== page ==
Celtic Club reschedules St. Pet’s Day due to weather conditions



Kate Kelly

The Celtic Club’s ninth annual St. Pet’s Day was postponed due to weather conditions and is rescheduled for April 13 at Fred Fuller Park in Kent.

The rescheduled event, St. Pet’s Day Crooked River Pet Walk, will have participants and their pets walk along the Cuyahoga River pathway from Fred Fuller Park to Tannery Park to raise awareness and donations for humane and pet rescue groups.

“Our original event was going to happen despite the weather,” said Jim Collver, head of the Celtic Club of Ohio. “It was 26 degrees that day and pouring rain. We got a decent turn out, about 35 dogs, but I still wanted to hold a big event for a good cause, and I had a new location in mind. We just would have to change everything around because it wasn’t a St. Patrick’s Day theme anymore.”

The original event, St. Pet’s Day Pet Parade, was held in downtown Kent at the Hometown Bank Plaza March 16. This was the first year they were going to do a parade and require all the participants and their pets to dress up to celebrate St. Patrick’s Day.

“I love the idea of people and their pets all in green, but the wind was so bad, you could hardly stand up,” Collver said. “I figured it is a month later, and we are in a more protected area. The parks are so beautiful, the dogwoods are just beginning to bloom, and it should be really nice.”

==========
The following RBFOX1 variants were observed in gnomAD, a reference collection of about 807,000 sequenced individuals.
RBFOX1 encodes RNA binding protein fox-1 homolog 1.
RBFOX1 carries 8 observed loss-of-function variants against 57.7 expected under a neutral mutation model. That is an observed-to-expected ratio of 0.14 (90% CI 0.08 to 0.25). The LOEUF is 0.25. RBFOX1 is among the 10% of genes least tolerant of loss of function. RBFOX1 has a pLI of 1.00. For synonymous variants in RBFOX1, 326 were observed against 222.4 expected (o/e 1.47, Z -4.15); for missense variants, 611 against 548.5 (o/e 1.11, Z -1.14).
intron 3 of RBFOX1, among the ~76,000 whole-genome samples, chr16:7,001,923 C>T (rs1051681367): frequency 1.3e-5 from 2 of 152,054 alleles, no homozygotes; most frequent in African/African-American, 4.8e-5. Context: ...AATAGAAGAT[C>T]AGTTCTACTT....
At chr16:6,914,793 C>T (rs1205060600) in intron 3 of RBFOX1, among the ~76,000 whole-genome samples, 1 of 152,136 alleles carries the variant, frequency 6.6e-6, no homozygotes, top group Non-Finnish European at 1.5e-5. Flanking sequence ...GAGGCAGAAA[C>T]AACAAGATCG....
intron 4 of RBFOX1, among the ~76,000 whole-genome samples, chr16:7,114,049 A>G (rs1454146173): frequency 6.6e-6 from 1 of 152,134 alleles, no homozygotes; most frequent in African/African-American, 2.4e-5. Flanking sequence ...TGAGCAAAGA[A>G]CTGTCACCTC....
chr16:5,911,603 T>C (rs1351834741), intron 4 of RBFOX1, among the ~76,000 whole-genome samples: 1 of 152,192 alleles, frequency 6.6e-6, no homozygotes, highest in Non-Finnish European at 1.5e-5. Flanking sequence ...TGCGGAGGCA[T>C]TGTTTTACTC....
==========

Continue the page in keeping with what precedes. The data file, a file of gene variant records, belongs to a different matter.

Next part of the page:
Fred Fuller Park is located at 497 Middlebury Rd. in Kent. Collver said everyone will meet with their pets around 1 p.m. and walk on the nature trail along the river to Tannery Park and back.

The event is in the memory of Tom Erikson, who was a radio host on WNIR who recently died after battling an infection. He was a huge pet advocate and supporter of his family’s pet rescue group, Heaven Can Wait, located in Akron.

“I spoke to him once last year on his show before he passed,” Collver said. “He really loved animals and really supported his family’s pet rescue group, so I figured what better person?”

Erikson’s daughter, Heather Nagel, says her pet rescue group takes animals from shelters that have been surrendered from their owners. Erikson used his local celebrity status and voice to raise awareness and provide homes for these animals.

“It’s still so hard on the family since he is gone,” Nagel said. “He is missed by his family and the community. He was involved with animal rights for 30 years, and the community generally relied on him to get the message out.”

Erikson’s legacy lives on in his daughter and she continues to run Heaven Can Wait and donate her time and energy to animals in need of homes.

“Heaven Can Wait is very small, and we rely on the community and donations to support us and to continue our mission,” Nagel said. “We get a lot of donated food from St. Pet’s Day. That is why we appreciate people like Jim and the public that do this to keep our animals fed.”

Admission to the event is free, but the Celtic Club encourages participants to bring cat food, dog food or cat litter to donate to humane and pet rescue groups.

Visit St. Pet’s Day on Facebook for more information or call the Celtic Club at (330) 867-0485.

Contact Kate Kelly at [email protected].